Standage writes on “… the intersections between food history and world history, to ask a simple question: which foods have done most to shape the modern world, and how?” So, this book is coarse-grain history, telling us about the sprouting of civilizations from the domestication of wheat, barley, rice, corn, and potatoes. We “follow the food” as trade (especially in spices) cross-fertilizes the cultures of continents. “Give us this day our daily bread” makes logistics as important as munitions in waging war and give tyrants an almost irresistible means of coercion. Perhaps the best fodder for reading groups is the generous view of the green revolution and industrial agriculture, provoking discussion of food that is at least local, if not slow.

I suspect that readers of books on history naturally form two groups: those driven by narrative and those for whom history is visual and illustrations are essential. I especially missed having enough readable maps showing past peoples and the connecting arrows that signify camel routes and voyages in small wooden ships. This was remedied by having “The Times Atlas of World History” close at hand.*

Food is the everything of our lives, from food stamps to the commodity prices of the corn that makes the tortillas in the barrios to the omega-3-containing salmon that might save our hearts. “An Edible History of Humanity” could be a good short course in a curriculum of books about food.

*Editor's note, Mark was reviewing an advanced reader's copy (ARC) of An Edible History of Humanity, oftentimes maps and other illustrations are not included in the ARC but are available in the finished version.
Kevin (03/22/09)

An Edible History of Humanity
The author puts forward his views that all large transformations in history were caused, enabled or influenced by food. The change as humans left hunter-gatherer societies and become agrarian societies allowed people to have the ability to stay in one place, to own personal items (because they did not have to carry them), to grow into various class distinctions, to eventually allow those in control to have others get food for them. The author argues that food (or the lack thereof) was the main reason for wars to occur.
A very interesting history. I was not expecting much but enjoyed the book. I don't think I will ever look at corn in the same way again.
Margie (03/20/09)

Review of An Edible History of Humanity
Tom Standage’s latest book presents history through the prism of food: how improvements to food production, food storage, and food distribution allowed for dramatic changes in human society – for example, empowering the transformation from a hunter-gatherer society to that of settled farmers. The author also examines other issues – such as the local food movement – in a balanced way, presenting the merits on both sides of the argument in an effort to find the middle ground. The text is presented in a very readable style, and even though it is essentially a history book, a comprehensive knowledge of world history is not a prerequisite for enjoyment.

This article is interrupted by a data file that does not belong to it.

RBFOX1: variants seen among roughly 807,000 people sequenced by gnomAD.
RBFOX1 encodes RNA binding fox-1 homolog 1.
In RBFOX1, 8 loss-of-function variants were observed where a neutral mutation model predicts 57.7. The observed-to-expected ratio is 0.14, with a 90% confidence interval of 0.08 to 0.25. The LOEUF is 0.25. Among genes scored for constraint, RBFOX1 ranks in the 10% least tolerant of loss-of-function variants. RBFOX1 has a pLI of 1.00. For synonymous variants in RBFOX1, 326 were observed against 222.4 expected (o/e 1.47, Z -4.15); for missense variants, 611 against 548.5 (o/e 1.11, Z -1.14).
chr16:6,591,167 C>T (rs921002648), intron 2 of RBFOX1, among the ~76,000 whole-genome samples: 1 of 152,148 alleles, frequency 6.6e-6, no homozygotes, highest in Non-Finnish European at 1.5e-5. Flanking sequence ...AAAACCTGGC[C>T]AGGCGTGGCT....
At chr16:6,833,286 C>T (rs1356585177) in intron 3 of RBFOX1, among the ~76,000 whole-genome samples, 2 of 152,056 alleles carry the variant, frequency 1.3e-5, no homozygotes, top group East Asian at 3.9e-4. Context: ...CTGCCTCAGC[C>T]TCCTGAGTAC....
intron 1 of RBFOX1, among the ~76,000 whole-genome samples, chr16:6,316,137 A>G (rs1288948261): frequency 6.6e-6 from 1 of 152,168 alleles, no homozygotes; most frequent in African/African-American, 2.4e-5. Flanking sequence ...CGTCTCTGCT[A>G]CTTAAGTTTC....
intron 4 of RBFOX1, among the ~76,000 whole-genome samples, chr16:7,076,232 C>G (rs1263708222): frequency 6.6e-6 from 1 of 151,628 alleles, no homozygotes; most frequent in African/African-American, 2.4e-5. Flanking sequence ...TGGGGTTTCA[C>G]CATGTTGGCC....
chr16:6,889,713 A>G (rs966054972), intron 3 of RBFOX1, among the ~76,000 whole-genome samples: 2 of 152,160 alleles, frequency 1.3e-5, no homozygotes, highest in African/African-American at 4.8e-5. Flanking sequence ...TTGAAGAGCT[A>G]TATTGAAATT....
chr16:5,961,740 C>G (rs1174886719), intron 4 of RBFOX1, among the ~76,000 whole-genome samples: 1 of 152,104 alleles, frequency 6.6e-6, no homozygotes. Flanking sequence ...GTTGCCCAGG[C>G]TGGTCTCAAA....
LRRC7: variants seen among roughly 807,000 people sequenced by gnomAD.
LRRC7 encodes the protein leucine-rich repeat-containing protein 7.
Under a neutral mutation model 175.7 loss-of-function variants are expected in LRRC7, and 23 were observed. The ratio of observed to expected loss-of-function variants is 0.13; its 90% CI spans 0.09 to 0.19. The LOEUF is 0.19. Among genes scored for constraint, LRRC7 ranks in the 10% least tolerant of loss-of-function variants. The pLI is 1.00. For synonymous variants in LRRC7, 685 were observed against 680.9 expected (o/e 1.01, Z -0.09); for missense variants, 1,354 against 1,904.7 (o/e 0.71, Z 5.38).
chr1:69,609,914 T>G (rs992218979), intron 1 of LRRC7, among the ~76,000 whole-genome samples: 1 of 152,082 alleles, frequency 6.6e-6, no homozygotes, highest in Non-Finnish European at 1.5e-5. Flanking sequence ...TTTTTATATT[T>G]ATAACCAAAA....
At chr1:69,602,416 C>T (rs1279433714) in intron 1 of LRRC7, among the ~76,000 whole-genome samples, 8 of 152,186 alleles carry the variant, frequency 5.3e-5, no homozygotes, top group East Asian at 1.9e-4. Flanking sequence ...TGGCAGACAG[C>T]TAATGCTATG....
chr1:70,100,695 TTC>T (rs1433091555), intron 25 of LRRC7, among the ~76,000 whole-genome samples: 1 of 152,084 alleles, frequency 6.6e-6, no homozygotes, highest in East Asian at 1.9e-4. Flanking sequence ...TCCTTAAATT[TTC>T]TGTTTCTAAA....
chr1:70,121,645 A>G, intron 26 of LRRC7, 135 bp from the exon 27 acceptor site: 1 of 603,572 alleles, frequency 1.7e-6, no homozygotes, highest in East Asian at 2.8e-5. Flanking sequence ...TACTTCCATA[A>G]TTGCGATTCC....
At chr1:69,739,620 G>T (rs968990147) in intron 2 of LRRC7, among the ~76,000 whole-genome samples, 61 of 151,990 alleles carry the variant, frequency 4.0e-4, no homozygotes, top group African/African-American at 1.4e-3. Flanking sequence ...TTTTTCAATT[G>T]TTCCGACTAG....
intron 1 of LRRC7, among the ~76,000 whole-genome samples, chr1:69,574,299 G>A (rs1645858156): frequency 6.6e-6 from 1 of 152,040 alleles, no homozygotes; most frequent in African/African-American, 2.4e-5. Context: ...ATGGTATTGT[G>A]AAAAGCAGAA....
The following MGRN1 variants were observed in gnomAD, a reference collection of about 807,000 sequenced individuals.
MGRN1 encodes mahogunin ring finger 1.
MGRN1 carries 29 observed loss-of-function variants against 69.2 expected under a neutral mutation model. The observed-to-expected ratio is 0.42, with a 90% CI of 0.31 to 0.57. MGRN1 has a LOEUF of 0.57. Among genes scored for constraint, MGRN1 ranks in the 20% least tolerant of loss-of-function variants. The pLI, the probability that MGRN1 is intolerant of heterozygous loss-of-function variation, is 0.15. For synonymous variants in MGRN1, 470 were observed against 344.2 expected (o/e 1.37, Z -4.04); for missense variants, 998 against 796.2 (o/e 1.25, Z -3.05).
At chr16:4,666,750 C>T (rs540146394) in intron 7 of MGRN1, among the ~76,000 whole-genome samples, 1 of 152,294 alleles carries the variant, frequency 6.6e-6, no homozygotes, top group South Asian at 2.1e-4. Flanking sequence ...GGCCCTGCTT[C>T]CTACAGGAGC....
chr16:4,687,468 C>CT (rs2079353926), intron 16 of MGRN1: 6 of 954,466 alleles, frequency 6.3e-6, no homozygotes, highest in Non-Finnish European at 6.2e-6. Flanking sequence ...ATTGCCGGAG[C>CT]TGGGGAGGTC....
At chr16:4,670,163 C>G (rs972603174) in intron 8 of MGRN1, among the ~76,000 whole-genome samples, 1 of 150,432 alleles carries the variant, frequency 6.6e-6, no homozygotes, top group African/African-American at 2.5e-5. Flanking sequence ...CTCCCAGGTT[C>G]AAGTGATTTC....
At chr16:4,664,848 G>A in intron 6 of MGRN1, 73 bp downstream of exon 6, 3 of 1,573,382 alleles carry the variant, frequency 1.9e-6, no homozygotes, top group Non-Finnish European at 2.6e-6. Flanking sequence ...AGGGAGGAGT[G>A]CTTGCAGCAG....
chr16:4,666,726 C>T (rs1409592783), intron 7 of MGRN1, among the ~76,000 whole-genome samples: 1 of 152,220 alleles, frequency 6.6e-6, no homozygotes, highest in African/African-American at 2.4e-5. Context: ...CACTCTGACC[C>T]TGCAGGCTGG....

• Page
  • 1
  • 2

Readalikes

Support BookBrowse

Become a Member
and discover your next great read!

Join Today!

Book Discussion
Book Jacket
The Opposite of Everyone
by Joshilyn Jackson

"Quirky and appealing characters, an engaging story, and honest dialogue make this a great book!"
- BookBrowse

About the book
Join the discussion!

Editor's Choice

  • Book Jacket
    In the Country of Men
    by Hisham Matar
    Labeled by some as the "Libyan Kite Runner", In The Country of Men does share some ...
  • Book Jacket: Holding Up the Universe
    Holding Up the Universe
    by Jennifer Niven
    Jennifer Niven's spectacular Holding Up the Universe has everything that I love about Young ...
  • Book Jacket: Coffin Road
    Coffin Road
    by Peter May
    From its richly atmospheric opening to its dramatic conclusion, Peter May's Coffin Road is a ...

First Impressions

  • Book Jacket

    Victoria
    by Daisy Goodwin

    Daisy Goodwin breathes new life into Victoria's story, and does so with sensitivity, verve, and wit." - Amanda Foreman

    Read Member Reviews

Win this book!
Win All the Gallant Men

All The Gallant Men

The first memoir by a USS Arizona survivor, 75 years after Pearl Harbor.

Enter

Word Play

Solve this clue:

K Y Eyes P

and be entered to win..

Books that     
entertain,
     engage

 & enlighten

Visitors can view some of BookBrowse for free. Full access is for members only.

Join Today!

Your guide toexceptional          books

BookBrowse seeks out and recommends books that we believe to be best in class. Books that will whisk you to faraway places and times, that will expand your mind and challenge you -- the kinds of books you just can't wait to tell your friends about.

 
X

Free Weekly Newsletter

Keep up with what's happening in the world of books:
Reviews, previews, interviews and more!



Spam Free: Your email is never shared with anyone; opt out any time.